Perhaps a month ago, I wrote a blog about “snow shovel foraging.” I had planned to go out and do just that, too…shovel my way down to bare ground and harvest some ground ivy for a vitamin-filled, bitter tea.
But immediately after posting my blog, it snowed. And snowed. And snowed some more. In the end, I had no idea where anything was. It was so deep that it completely covered a two-wheeled, contractor’s wheelbarrow. So I decided to wait for the snow to recede, at least enough for me to get my bearings and make a rough determination as to the lay of the land.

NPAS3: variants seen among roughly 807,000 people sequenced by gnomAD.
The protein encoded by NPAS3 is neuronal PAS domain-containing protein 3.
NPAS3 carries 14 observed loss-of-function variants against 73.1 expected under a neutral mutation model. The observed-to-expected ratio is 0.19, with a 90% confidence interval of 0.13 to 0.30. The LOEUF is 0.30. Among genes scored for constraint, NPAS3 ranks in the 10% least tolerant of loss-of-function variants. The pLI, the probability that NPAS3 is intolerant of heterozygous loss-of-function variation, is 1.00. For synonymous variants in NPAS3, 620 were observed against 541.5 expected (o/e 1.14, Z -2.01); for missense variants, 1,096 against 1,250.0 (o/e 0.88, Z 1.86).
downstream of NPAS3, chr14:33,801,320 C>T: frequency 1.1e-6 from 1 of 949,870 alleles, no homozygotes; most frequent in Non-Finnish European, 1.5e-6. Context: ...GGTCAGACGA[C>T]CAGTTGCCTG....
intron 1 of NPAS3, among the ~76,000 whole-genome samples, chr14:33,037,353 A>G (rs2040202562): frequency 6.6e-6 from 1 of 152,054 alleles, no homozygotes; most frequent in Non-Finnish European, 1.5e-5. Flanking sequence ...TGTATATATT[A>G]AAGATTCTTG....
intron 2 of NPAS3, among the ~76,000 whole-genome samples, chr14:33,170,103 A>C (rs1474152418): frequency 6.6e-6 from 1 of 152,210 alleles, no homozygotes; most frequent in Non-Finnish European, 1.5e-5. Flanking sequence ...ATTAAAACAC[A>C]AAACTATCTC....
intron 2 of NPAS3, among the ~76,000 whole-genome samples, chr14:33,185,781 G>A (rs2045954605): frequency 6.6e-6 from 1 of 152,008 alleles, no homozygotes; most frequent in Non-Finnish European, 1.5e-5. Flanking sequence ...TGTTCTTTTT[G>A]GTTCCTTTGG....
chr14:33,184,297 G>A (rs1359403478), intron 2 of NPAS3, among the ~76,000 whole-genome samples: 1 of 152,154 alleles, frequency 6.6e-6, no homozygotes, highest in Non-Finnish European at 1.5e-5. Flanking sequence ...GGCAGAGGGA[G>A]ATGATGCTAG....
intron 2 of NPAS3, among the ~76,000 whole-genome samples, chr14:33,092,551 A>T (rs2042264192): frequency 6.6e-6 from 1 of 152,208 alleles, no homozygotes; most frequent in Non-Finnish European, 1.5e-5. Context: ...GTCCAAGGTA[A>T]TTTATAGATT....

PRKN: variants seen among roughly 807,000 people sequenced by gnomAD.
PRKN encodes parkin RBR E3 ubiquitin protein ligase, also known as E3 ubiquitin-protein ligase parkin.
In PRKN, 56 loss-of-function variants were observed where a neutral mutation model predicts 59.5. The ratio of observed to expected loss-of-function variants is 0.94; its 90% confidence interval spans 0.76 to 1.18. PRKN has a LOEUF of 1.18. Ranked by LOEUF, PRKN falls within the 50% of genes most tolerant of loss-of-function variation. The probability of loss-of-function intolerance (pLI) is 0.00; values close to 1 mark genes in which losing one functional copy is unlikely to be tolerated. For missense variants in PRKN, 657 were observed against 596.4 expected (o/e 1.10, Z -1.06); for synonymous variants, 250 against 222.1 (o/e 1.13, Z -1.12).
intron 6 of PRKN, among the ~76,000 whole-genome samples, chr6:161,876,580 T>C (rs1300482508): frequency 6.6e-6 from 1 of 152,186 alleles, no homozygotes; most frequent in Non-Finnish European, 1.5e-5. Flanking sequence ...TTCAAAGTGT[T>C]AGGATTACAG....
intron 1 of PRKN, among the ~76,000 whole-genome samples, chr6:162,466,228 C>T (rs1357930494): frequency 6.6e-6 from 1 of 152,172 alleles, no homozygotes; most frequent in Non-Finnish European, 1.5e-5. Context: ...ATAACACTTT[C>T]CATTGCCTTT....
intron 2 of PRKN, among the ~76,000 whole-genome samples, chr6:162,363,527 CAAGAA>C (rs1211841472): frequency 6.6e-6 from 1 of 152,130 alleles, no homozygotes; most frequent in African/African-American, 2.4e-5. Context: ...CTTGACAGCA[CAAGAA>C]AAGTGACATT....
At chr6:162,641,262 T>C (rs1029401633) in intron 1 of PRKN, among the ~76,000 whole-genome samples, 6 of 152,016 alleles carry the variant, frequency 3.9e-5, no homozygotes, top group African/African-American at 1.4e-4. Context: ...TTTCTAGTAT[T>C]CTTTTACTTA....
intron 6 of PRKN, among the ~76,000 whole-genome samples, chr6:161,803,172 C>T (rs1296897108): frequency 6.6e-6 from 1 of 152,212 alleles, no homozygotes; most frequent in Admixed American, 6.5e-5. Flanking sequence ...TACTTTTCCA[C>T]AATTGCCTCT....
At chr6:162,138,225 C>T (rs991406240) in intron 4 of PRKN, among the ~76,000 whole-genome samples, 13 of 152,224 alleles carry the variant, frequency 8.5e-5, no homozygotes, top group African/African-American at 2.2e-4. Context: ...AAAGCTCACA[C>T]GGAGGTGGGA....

So today, snow had sunk to the point that I discerned the outline of one of my raised-bed gardens. Knowing that ground ivy grew along the north end of the bed, I grabbed a snow shovel and had at it.
But the snow was granular, all frozen together in great, big clumps, too much for my plastic snow shovel to handle. So I got a long-handled spade and finally managed to dig down to the ground. And there, as suspected, was my ground ivy, as fresh and sprightly as ever.
So snow shovel foraging works…it’s just not the easiest thing in the world. At least its good to know that if necessity dictates, at least a few wild plants are available to us year-round.